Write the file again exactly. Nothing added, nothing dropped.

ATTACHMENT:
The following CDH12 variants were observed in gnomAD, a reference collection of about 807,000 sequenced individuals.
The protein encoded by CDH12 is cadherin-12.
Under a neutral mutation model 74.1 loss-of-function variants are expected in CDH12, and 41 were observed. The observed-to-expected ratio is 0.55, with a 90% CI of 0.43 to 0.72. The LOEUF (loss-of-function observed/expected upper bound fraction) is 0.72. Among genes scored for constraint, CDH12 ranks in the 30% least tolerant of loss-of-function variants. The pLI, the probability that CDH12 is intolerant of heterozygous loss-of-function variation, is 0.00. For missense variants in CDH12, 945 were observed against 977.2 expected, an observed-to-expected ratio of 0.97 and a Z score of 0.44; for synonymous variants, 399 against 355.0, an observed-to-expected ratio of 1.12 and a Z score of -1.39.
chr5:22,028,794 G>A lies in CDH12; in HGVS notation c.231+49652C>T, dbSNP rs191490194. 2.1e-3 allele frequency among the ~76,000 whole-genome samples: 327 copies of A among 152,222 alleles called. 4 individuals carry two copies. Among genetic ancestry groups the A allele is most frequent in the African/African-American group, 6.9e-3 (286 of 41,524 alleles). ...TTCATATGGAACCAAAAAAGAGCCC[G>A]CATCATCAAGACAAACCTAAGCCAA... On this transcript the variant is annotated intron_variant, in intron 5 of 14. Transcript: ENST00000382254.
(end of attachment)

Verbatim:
The following CDH12 variants were observed in gnomAD, a reference collection of about 807,000 sequenced individuals.
The protein encoded by CDH12 is cadherin-12.
Under a neutral mutation model 74.1 loss-of-function variants are expected in CDH12, and 41 were observed. The observed-to-expected ratio is 0.55, with a 90% CI of 0.43 to 0.72. The LOEUF (loss-of-function observed/expected upper bound fraction) is 0.72. Among genes scored for constraint, CDH12 ranks in the 30% least tolerant of loss-of-function variants. The pLI, the probability that CDH12 is intolerant of heterozygous loss-of-function variation, is 0.00. For missense variants in CDH12, 945 were observed against 977.2 expected, an observed-to-expected ratio of 0.97 and a Z score of 0.44; for synonymous variants, 399 against 355.0, an observed-to-expected ratio of 1.12 and a Z score of -1.39.
chr5:22,028,794 G>A lies in CDH12; in HGVS notation c.231+49652C>T, dbSNP rs191490194. 2.1e-3 allele frequency among the ~76,000 whole-genome samples: 327 copies of A among 152,222 alleles called. 4 individuals carry two copies. Among genetic ancestry groups the A allele is most frequent in the African/African-American group, 6.9e-3 (286 of 41,524 alleles). ...TTCATATGGAACCAAAAAAGAGCCC[G>A]CATCATCAAGACAAACCTAAGCCAA... On this transcript the variant is annotated intron_variant, in intron 5 of 14. Transcript: ENST00000382254.